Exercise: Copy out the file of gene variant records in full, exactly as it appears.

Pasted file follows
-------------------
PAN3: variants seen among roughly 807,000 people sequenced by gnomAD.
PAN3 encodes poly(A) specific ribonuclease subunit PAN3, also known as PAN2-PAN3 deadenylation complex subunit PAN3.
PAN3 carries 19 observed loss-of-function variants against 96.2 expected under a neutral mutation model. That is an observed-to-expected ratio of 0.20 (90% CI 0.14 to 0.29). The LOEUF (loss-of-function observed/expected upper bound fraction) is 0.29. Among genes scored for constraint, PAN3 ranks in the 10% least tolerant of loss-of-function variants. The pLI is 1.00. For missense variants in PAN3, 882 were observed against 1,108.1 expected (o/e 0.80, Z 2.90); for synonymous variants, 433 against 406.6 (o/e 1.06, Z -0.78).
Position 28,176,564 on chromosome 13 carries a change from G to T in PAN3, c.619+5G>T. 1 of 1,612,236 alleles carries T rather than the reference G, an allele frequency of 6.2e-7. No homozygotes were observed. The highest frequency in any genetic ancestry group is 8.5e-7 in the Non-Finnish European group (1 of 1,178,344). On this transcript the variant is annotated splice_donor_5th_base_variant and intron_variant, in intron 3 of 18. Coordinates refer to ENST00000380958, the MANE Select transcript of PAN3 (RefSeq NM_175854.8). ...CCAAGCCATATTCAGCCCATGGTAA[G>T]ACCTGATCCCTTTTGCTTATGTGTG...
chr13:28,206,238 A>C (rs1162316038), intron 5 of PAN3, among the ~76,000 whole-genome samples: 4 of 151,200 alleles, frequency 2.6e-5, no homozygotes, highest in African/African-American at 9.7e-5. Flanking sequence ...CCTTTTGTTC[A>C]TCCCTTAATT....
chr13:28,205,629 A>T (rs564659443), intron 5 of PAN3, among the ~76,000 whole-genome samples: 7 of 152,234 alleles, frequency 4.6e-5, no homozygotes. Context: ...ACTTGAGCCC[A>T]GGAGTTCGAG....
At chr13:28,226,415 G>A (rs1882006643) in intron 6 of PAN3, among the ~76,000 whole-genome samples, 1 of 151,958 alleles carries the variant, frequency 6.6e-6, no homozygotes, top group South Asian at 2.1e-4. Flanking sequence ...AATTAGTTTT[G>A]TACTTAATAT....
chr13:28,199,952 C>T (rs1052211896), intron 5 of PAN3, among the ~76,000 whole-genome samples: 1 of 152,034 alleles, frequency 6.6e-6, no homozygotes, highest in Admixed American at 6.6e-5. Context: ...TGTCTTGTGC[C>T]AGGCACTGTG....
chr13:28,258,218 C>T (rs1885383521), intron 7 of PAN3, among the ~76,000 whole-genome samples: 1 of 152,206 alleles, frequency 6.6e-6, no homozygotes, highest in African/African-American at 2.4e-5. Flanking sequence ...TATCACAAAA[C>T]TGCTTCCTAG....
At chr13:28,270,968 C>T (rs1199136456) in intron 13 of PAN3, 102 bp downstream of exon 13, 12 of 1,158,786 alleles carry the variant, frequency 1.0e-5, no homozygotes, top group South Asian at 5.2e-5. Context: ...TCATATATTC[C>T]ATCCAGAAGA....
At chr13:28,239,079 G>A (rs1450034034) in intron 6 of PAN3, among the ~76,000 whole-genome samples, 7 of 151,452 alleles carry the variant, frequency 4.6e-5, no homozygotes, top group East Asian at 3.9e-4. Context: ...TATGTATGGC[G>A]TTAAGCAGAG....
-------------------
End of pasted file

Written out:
PAN3: variants seen among roughly 807,000 people sequenced by gnomAD.
PAN3 encodes poly(A) specific ribonuclease subunit PAN3, also known as PAN2-PAN3 deadenylation complex subunit PAN3.
PAN3 carries 19 observed loss-of-function variants against 96.2 expected under a neutral mutation model. That is an observed-to-expected ratio of 0.20 (90% CI 0.14 to 0.29). The LOEUF (loss-of-function observed/expected upper bound fraction) is 0.29. Among genes scored for constraint, PAN3 ranks in the 10% least tolerant of loss-of-function variants. The pLI is 1.00. For missense variants in PAN3, 882 were observed against 1,108.1 expected (o/e 0.80, Z 2.90); for synonymous variants, 433 against 406.6 (o/e 1.06, Z -0.78).
Position 28,176,564 on chromosome 13 carries a change from G to T in PAN3, c.619+5G>T. 1 of 1,612,236 alleles carries T rather than the reference G, an allele frequency of 6.2e-7. No homozygotes were observed. The highest frequency in any genetic ancestry group is 8.5e-7 in the Non-Finnish European group (1 of 1,178,344). On this transcript the variant is annotated splice_donor_5th_base_variant and intron_variant, in intron 3 of 18. Coordinates refer to ENST00000380958, the MANE Select transcript of PAN3 (RefSeq NM_175854.8). ...CCAAGCCATATTCAGCCCATGGTAA[G>T]ACCTGATCCCTTTTGCTTATGTGTG...
chr13:28,206,238 A>C (rs1162316038), intron 5 of PAN3, among the ~76,000 whole-genome samples: 4 of 151,200 alleles, frequency 2.6e-5, no homozygotes, highest in African/African-American at 9.7e-5. Flanking sequence ...CCTTTTGTTC[A>C]TCCCTTAATT....
chr13:28,205,629 A>T (rs564659443), intron 5 of PAN3, among the ~76,000 whole-genome samples: 7 of 152,234 alleles, frequency 4.6e-5, no homozygotes. Context: ...ACTTGAGCCC[A>T]GGAGTTCGAG....
At chr13:28,226,415 G>A (rs1882006643) in intron 6 of PAN3, among the ~76,000 whole-genome samples, 1 of 151,958 alleles carries the variant, frequency 6.6e-6, no homozygotes, top group South Asian at 2.1e-4. Flanking sequence ...AATTAGTTTT[G>A]TACTTAATAT....
chr13:28,199,952 C>T (rs1052211896), intron 5 of PAN3, among the ~76,000 whole-genome samples: 1 of 152,034 alleles, frequency 6.6e-6, no homozygotes, highest in Admixed American at 6.6e-5. Context: ...TGTCTTGTGC[C>T]AGGCACTGTG....
chr13:28,258,218 C>T (rs1885383521), intron 7 of PAN3, among the ~76,000 whole-genome samples: 1 of 152,206 alleles, frequency 6.6e-6, no homozygotes, highest in African/African-American at 2.4e-5. Flanking sequence ...TATCACAAAA[C>T]TGCTTCCTAG....
At chr13:28,270,968 C>T (rs1199136456) in intron 13 of PAN3, 102 bp downstream of exon 13, 12 of 1,158,786 alleles carry the variant, frequency 1.0e-5, no homozygotes, top group South Asian at 5.2e-5. Context: ...TCATATATTC[C>T]ATCCAGAAGA....
At chr13:28,239,079 G>A (rs1450034034) in intron 6 of PAN3, among the ~76,000 whole-genome samples, 7 of 151,452 alleles carry the variant, frequency 4.6e-5, no homozygotes, top group East Asian at 3.9e-4. Context: ...TATGTATGGC[G>A]TTAAGCAGAG....